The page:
Philippa Namutebi Kabali Kagwa launched her debut collection of prose and poetry Flame and Song at a well-attended event in Kampala, Uganda on Tuesday April 4, 2017.
Philippa Namutebi Kabali Kagwa was a child in Uganda in a period that has been indelibly seared into the minds of all Africans; during the murderous regime of Idi Amin. The young Philippa was the daughter of a civil servant called Christopher Henry Muwanga Barlow who also happened to be a poet of note under the pen name Henry Barlow. Barlow’s most famous contribution to the Ugandan literary lexicon was the poem Building the Nation. He would flee the country into exile with his family to escape the madness of the Amin administration.
The young Philippa would grow up in three different countries of Ethiopia, Kenya, and South Africa. She became a useful member of the African society as a teacher and motivational speaker who featured at Ted talks where she was based.
Last year the child of many nations followed in her father’s footsteps and published her debut collection Flame and Song. The collection was published in South Africa under Modjaji Books of authors like Yewande Omotoso and Futhi Ntshingila. It is a memoir of a life enriched by song, literature, food and spirituality at the heart of a loving family who move from Uganda to Addis Ababa to Nairobi to Cape Town.
On April 4, it was the time for her countrymen and countrywomxn to enjoy that which had already received positive reviews in Cape Town. She would debuting her collection with her Ugandan publisher Sooo Many Stories at the Ibamba Restaurant at the Uganda Museum in Kampala.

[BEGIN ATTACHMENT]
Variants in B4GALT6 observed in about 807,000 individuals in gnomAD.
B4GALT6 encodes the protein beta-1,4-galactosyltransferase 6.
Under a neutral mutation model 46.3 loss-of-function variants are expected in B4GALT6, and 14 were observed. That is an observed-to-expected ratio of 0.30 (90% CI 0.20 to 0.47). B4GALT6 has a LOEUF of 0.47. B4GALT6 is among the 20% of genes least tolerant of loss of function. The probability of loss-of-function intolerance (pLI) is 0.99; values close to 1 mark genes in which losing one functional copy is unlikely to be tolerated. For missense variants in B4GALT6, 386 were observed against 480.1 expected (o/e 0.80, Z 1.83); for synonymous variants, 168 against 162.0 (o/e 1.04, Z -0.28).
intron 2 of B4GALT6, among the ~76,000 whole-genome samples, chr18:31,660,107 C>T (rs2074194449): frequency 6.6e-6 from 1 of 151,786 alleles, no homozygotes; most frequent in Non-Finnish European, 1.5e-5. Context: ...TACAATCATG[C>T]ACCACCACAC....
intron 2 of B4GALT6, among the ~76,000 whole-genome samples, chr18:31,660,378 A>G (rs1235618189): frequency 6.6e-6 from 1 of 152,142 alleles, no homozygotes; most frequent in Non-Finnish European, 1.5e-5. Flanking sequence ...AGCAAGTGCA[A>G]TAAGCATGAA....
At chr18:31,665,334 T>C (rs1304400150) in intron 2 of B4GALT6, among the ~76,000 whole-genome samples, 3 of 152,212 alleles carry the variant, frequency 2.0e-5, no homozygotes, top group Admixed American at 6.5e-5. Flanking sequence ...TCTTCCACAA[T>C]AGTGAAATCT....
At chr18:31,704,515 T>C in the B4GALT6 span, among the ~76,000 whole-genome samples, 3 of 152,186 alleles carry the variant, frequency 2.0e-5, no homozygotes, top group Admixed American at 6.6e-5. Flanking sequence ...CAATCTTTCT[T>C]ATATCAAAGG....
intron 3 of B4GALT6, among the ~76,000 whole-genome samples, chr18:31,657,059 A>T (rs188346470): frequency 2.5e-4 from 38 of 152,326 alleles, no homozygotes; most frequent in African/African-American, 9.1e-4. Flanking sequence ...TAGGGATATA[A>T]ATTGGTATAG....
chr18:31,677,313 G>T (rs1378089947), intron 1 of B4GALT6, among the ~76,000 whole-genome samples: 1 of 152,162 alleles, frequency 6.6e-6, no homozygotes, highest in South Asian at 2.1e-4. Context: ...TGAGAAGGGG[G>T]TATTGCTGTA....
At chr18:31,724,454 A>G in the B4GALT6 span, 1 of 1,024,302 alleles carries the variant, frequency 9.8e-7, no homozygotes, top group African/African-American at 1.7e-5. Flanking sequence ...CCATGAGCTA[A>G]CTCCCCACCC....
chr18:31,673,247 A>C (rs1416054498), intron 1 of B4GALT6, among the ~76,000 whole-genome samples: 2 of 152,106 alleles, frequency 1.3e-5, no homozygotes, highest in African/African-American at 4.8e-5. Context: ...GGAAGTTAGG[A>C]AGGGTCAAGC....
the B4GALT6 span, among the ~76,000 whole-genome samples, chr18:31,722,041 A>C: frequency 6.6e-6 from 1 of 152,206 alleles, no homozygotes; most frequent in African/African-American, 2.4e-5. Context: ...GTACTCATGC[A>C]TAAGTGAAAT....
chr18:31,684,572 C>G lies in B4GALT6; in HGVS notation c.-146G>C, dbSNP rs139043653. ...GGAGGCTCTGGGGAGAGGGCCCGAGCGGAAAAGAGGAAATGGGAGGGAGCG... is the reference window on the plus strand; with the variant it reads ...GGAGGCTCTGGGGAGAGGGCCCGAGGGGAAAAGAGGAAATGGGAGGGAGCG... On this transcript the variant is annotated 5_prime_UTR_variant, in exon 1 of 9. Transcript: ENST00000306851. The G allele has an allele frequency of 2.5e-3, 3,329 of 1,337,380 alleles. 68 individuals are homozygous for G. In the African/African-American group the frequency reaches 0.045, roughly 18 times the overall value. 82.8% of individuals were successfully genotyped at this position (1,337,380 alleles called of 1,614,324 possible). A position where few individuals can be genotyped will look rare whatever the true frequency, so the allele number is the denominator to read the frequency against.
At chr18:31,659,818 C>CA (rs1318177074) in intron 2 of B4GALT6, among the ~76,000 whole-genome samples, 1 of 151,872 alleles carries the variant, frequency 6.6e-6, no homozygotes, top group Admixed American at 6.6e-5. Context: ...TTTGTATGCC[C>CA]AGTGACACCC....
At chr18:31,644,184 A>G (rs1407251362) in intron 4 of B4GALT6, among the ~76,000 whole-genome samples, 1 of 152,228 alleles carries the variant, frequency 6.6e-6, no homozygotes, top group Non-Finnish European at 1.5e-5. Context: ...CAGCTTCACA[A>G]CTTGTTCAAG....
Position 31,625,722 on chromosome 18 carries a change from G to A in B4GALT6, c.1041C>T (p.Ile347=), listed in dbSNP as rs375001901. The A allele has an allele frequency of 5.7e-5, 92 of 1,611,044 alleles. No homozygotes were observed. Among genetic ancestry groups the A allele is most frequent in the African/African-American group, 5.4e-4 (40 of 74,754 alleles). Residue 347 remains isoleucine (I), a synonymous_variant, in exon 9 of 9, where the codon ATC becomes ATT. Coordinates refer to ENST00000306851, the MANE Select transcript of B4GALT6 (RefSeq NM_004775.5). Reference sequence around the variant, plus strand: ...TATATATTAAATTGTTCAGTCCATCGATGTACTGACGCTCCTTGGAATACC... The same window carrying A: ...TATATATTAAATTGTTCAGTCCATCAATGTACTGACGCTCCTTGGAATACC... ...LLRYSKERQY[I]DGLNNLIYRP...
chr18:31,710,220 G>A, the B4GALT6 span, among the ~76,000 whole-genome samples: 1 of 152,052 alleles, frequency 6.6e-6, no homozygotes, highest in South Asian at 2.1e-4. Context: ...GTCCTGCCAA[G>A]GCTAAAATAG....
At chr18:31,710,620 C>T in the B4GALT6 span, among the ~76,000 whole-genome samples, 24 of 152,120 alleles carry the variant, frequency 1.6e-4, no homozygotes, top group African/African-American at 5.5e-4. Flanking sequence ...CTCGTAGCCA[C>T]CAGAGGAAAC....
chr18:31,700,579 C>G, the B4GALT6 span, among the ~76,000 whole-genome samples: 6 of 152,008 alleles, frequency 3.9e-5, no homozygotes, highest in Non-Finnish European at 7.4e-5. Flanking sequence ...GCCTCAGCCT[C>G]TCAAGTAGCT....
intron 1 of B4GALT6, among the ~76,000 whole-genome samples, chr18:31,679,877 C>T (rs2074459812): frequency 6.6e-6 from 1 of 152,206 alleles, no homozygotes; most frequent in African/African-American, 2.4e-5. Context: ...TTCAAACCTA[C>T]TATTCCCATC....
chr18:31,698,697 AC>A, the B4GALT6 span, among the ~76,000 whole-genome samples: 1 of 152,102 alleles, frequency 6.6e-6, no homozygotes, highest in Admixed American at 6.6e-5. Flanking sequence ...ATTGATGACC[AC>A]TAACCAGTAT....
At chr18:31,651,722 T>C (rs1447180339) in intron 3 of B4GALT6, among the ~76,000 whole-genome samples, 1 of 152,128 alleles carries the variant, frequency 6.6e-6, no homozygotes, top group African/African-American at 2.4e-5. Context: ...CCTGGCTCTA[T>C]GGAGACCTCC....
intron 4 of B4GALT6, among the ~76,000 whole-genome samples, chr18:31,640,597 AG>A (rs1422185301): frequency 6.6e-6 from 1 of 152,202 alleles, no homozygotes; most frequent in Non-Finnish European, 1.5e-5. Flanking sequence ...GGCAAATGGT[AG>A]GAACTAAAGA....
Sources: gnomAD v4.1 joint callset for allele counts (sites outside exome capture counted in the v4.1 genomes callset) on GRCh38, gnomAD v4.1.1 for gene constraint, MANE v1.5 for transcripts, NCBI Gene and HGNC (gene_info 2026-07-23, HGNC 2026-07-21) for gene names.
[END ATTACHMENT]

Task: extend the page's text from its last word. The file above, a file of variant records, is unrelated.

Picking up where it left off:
The event was a tribute to the past and nod to the future. The past was seen by poet Kagayi Peter who recently launched his debut collection as he did a performance of Henry Barlow’s iconic poem Building The Nation.
The future was represented by Melanie Kitongo, Elsa Arinaitwe and Mitchelle Barlow grandchildren to the famous poet past and nieces to the current poet. The three gave emotional readings of poem in the collection about family members that had passed away.
Then there was the poet herself Philippa who sang, narrated, and performed texts from her collection. It was a thing of beauty.
Away from the performances, there was a question and answer session where the poet got to talk with a moderator who was journalist Josephine Karungi.
Publisher Nyana Kakoma in her remarks explained why she opted to take this book on. As a Museveni baby born in 1986, reading the memoir allowed her to see what Philippa’s family and the country went through during Idi Amin’s time. She could now understand the fear that made people her parents’ age say, “We have to vote Museveni because he brought us peace.”
The launch ended like you would expect in a book launch nowadays; selfies and autograph signings.
The book is available in Kampala at Aristoc Bookstore at UGX32,000.
Here are more images from the book launch courtesy of Tweny Moments.